At this point in the episode, we have two split story arcs for the episode. The fun part for me as a viewer was watching Una Chin-Riley and Captain Pike initiate a mutiny on the Squall, a tactic they refer to as “Alpha Braga IV” (indicating the two of them have done this before). It’s a masterful piece of work by Pike, first by convincing the “captain” Remy to take the Enterprise crew and sell them to the Klingons (who are not known for keeping up their side of deals with pirates). Using that as leverage, Una and Pike are able to convince the Squall crew to mutiny, granting Pike and the rest a chance to take over the ship.

But the bulk of the episode is devoted to Angel and her plan for Spock. It turns out that Angel didn’t care about the Enterprise or her crew. She wants Spock to perform a prisoner exchange: Spock for her lover Xaverius (a Vulcan who is being held in T’Pring’s re-education center). It is Angel’s deeply twisted form of love and devotion to Xaverius that made me think of the quote from The Dresden Files. Angel is prepared to sell the Enterprise crew into slavery and steal the flagship of the Federation all so she can get her lover out of prison.

T’Pring is put in a difficult position. On the one hand, she will lose a considerable amount of esteem and her place in Vulcan society if she were to let a prisoner go. On the other hand, if she refuses and Spock dies (which Angel assures T’Pring is the outcome if the offer is refused), she will lose even more respect in Vulcan society for the death of Ambassador Sarek’s son. Angel also drops a few hints as to the true identity of her lover, which isn’t fully revealed until the end of the episode.

Spock manages to come up with an ingenious method of diffusing the situation, saving T’Pring from committing an unpardonable act or losing his life in the process. When T’Pring arrives to commit the prisoner exchange, Spock asks Chapel to go along with his plan, which amounts to Spock publicly stating he is in a secret relationship with Chapel and kissing her (and it was a damn good kiss by all appearances) right on the bridge for all to see. With this show of affection, T’Pring cancels the pair’s engagement, meaning she is no longer obligated to save Spock. This in turn spoils Angel’s plan. But before Angel can fire on T’Pring’s ship with the Enterprise’s weapons, Pike and the Squall arrive, allowing Una to lock down the ship and Ortegas (the Enterprise’s main helmsperson) to disable the ship’s engines. Beaten but not cowed, Angel makes a hasty retreat to a nearby shuttle and escapes, leaving her pirate crew to be captured and taken back to Starfleet.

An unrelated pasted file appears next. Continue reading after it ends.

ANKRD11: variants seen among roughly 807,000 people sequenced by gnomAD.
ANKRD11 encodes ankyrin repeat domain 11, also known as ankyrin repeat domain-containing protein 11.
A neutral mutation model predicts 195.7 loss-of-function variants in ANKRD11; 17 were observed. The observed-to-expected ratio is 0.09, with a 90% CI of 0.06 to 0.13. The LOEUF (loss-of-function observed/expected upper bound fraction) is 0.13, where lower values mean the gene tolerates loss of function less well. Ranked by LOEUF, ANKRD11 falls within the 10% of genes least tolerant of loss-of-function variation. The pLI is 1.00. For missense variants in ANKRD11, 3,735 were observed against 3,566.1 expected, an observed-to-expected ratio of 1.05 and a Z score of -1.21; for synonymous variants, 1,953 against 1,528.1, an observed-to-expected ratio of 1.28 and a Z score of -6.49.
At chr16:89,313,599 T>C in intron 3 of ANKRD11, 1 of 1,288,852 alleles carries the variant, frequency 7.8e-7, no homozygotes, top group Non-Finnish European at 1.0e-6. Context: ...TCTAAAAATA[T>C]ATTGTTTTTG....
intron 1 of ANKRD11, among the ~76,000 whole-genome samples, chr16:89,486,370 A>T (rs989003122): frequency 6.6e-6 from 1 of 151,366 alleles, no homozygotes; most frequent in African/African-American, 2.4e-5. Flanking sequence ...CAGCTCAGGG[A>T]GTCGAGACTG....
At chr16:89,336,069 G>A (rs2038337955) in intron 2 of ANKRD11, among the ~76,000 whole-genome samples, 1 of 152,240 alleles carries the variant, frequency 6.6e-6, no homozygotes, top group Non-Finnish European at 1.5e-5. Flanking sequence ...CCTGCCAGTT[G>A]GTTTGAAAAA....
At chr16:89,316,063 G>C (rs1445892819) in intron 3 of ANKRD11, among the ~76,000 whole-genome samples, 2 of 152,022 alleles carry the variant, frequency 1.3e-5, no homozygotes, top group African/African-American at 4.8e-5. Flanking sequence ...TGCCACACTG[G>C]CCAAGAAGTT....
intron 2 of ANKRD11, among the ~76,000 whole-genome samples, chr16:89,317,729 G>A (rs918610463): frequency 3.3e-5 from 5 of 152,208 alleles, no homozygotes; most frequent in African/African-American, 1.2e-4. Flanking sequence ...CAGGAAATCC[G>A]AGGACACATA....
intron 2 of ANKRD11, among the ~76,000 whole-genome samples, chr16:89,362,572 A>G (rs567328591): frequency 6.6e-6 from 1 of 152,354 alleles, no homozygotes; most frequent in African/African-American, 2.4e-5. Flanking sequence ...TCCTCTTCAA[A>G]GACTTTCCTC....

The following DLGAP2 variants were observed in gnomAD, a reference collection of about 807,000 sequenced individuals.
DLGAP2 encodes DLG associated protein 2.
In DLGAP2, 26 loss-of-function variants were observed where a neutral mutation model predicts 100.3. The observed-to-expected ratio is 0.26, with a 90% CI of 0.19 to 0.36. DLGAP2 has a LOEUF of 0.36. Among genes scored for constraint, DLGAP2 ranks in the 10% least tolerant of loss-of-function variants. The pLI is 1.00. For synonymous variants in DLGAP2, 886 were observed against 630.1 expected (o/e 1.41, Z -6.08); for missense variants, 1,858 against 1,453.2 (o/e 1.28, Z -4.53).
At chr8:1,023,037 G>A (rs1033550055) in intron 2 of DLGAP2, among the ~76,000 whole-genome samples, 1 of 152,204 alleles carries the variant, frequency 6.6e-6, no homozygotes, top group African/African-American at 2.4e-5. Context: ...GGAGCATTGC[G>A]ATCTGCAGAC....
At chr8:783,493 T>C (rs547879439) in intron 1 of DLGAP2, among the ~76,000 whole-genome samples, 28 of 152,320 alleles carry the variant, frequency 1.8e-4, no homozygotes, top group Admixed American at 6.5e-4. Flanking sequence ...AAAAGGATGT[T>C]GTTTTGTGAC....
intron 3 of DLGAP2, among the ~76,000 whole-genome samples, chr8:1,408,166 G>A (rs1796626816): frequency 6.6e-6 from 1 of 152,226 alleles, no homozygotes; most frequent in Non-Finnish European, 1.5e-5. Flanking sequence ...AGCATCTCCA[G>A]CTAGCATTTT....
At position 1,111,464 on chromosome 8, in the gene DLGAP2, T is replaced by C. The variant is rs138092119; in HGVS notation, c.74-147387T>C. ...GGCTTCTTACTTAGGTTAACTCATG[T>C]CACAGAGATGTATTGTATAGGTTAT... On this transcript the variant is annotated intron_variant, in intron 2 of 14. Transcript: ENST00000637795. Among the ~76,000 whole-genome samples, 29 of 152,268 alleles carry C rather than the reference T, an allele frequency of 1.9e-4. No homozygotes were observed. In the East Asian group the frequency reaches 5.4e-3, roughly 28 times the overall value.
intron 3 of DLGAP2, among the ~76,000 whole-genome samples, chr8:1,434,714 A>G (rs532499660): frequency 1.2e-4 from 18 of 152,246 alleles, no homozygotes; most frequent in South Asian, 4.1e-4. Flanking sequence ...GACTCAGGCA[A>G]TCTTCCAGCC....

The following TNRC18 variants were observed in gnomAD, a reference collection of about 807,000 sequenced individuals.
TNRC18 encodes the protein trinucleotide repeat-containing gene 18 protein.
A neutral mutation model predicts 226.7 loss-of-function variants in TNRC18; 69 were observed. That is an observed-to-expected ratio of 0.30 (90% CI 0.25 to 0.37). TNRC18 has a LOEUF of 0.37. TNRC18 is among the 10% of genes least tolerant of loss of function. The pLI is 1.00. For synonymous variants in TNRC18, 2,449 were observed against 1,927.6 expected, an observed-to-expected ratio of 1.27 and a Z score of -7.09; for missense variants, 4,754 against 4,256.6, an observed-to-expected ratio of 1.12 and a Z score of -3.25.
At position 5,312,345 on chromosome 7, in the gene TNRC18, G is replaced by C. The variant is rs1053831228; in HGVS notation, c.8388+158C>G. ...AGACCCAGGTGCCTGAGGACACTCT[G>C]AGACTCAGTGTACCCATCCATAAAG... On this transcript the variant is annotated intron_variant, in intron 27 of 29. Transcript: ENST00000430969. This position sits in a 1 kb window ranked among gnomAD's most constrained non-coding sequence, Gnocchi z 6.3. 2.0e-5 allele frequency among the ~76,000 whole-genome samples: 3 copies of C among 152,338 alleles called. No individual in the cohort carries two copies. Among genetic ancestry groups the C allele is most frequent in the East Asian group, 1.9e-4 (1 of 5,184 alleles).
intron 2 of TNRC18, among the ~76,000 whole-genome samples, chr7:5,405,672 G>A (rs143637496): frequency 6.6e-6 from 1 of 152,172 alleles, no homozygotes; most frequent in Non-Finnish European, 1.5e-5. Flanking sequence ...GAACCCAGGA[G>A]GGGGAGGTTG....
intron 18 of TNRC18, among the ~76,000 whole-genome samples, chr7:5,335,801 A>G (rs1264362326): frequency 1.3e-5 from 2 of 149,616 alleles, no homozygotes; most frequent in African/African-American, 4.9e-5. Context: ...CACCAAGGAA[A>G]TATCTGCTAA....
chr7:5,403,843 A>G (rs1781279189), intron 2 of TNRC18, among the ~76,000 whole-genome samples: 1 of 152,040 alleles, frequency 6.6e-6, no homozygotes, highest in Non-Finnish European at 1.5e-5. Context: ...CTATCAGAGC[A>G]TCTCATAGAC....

The closing moments of the episode are juxtaposed between two scenes with Spock. The first sees Spock and T’Pring together in his quarters, where T’Pring admits she saw through the ruse and appreciated Spock’s gesture to help her from having to make a regretful decision. The pair reinitiate their engagement. Later on, Spock visits Chapel to check in on her. While Chapel assures Spock she knows there are no feelings between them, you can see it in Chapel’s face that she’s just saying this without really meaning it. It’s here that we find out what Spock meant on the bridge when he revealed to Chapel he had deduced who Xaverius truly is: his half-brother Cybok (the villain of probably the worst Star Trek film Star Trek V: The Final Frontier).

Overall, I enjoyed this episode quite a bit. Jesse James Keitel was a treat to watch in the episode. For the first half, she is calm, reserved, and teasingly playful. When the second half begins and she’s revealed her true colors, there’s a swaggering sexiness to Angel that I couldn’t help but enjoy watching. The ongoing relationship between Spock and T’Pring is made much easier because of the performances of the two actors. And I have to give Jess Bush a hell of a lot of credit. She manages to infuse Nurse Chapel with a mix of humor and hidden sorrow but never enough to make us feel pity for Chapel. It’s a fine line to walk and Bush manages to hit just the right notes to make us feel for Chapel but never feel sorry for her.